Budapest, April 14 (MTI) – Hungary’s ruling Fidesz party insists on “free palinka distillation” and will expect the government to find an appropriate legal solution to defending this “Hungarikum”, a party spokesman said on today.
Peter Hoppal told a news conference that it was “outrageous” that the European Union’s highest court had ruled against a Hungarian law allowing the first 50 litres of home-distilled Hungarian fruit brandy each year to be free of excise tax.
“If necessary, we will create a law to protect palinka,” he said. “Hungarian palinka is a part of our culture and inseparable from our traditions.”
In response, the opposition Socialist Party said that back in 2001, while Hungary was negotiating its EU entry, Fidesz, government party for the first time, had no objections to the fact that the EU would not tolerate tax-free distillation. The subject “gained importance” for Fidesz in 2010, when the party was back in power, Socialist MEP candidate Janos Veres said in a statement.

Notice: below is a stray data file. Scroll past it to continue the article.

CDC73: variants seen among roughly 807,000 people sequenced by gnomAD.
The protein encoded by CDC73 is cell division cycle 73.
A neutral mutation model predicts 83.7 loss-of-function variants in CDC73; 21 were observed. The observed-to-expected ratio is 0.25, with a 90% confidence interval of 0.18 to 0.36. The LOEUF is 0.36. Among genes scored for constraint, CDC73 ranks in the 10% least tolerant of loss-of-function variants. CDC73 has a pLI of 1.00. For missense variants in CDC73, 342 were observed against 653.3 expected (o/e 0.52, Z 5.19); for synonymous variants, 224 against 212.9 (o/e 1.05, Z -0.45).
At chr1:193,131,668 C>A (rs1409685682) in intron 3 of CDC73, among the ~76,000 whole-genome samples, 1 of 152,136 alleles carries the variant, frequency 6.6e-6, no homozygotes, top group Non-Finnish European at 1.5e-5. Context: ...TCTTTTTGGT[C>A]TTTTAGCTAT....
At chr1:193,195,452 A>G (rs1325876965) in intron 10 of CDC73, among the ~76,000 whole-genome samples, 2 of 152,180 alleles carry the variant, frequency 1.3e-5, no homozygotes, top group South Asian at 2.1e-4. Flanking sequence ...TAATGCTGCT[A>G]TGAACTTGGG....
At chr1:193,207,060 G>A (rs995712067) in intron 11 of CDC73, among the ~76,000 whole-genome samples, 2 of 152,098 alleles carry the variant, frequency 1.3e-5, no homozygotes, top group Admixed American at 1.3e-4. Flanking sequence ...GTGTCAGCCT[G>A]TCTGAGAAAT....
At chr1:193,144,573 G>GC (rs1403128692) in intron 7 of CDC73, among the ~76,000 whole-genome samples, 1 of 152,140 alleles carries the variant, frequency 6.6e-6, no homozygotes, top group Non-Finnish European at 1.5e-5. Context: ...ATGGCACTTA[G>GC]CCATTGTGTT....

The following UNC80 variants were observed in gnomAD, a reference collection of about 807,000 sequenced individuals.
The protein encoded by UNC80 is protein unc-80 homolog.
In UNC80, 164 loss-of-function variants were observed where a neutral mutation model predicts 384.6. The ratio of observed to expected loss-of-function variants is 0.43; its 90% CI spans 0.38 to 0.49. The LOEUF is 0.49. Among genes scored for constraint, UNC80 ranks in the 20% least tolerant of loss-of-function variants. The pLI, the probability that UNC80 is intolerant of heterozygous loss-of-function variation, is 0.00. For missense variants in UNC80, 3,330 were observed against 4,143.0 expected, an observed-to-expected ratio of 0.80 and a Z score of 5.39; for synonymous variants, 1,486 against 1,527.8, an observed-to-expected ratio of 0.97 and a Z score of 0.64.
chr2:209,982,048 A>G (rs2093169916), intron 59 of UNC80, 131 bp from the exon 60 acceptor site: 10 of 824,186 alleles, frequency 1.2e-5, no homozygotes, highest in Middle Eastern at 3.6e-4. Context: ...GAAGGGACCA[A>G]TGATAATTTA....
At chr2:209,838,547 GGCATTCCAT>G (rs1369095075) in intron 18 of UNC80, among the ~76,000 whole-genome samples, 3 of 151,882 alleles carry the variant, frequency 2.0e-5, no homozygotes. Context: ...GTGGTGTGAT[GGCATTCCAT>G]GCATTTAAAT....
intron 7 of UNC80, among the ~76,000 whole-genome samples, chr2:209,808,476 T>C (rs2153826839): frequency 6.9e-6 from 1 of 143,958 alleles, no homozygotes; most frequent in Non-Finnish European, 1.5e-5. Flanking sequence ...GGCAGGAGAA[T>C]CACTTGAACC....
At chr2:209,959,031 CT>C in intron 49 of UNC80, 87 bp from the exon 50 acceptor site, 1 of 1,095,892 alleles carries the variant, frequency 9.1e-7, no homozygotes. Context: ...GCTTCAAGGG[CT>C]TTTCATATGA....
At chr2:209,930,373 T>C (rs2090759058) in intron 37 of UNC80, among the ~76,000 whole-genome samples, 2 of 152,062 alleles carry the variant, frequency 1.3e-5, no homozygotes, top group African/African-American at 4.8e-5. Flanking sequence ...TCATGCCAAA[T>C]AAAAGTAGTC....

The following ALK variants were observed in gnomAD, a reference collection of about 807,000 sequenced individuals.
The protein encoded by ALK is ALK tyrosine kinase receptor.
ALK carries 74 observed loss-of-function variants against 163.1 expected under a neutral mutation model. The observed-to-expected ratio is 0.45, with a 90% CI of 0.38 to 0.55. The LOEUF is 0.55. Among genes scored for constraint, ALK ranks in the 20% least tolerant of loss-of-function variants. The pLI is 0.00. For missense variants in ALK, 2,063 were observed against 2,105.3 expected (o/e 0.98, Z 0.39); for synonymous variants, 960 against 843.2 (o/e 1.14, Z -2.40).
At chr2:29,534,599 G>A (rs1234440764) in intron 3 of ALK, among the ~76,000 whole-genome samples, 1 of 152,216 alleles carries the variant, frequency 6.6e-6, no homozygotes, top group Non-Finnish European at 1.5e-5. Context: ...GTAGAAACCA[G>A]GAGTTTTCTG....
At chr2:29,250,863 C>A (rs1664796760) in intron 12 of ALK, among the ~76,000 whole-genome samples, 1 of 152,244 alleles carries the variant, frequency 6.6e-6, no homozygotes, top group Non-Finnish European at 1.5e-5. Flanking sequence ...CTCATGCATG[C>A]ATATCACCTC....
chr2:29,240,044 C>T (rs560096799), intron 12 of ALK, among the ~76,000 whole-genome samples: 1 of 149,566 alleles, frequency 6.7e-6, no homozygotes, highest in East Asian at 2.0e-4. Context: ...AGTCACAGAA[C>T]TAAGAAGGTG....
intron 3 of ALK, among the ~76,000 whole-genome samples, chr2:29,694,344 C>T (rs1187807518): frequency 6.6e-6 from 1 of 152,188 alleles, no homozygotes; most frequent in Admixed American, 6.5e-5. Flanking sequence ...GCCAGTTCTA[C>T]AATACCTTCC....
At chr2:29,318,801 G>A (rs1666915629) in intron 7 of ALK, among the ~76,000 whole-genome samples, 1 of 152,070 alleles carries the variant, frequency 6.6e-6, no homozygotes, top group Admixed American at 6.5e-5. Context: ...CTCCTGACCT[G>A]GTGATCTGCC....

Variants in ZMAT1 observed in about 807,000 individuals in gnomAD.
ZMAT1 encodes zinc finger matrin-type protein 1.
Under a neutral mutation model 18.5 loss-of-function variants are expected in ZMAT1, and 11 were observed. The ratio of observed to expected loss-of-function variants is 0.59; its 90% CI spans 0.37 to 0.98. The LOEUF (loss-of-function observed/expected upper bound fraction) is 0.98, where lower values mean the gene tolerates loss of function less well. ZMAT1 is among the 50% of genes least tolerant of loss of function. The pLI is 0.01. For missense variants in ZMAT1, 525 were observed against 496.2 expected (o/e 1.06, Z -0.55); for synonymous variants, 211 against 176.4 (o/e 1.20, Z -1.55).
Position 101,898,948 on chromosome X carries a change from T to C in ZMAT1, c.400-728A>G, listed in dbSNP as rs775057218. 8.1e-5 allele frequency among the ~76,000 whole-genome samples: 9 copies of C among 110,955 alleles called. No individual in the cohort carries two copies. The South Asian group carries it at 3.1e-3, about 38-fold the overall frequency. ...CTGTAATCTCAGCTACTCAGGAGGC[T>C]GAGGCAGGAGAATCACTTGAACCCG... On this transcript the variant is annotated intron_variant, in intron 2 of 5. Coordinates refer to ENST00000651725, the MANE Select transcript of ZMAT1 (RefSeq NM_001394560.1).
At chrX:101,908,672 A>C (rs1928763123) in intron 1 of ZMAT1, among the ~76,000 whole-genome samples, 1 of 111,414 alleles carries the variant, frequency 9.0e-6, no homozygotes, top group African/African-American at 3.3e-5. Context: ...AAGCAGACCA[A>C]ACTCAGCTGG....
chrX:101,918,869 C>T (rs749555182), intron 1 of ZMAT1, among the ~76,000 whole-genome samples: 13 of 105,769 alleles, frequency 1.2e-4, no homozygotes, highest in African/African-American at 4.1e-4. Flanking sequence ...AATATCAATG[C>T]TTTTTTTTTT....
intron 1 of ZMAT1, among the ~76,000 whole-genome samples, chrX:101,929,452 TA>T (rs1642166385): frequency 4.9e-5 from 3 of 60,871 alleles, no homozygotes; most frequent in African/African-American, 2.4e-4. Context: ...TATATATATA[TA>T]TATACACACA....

Ex-finance minister Veres suggested that tax-free distillation – similarly to Austria – could have been achieved in 2001 while negotiations with the EU were still under way, but the subsequent governments’ “hands were tied” after the tax chapter was closed.
“If Viktor Orban had been prudent, nobody should now be fighting for tax free distillation,” Veres insisted.
At his news conference on Monday, Hoppal also said that the EU had started to “go after” Hungarian acacia, too, and Fidesz would stand up for national interests in this area. In May, it will declare false acacia and the honey derived from its pollen to be a “Hungarikum” — a label denoting a product or way of life to be of significance according to Hungarian customs.
Hungary recently succeeded in blocking a proposal by the European Commission to create a list of non-native species which included false acacia.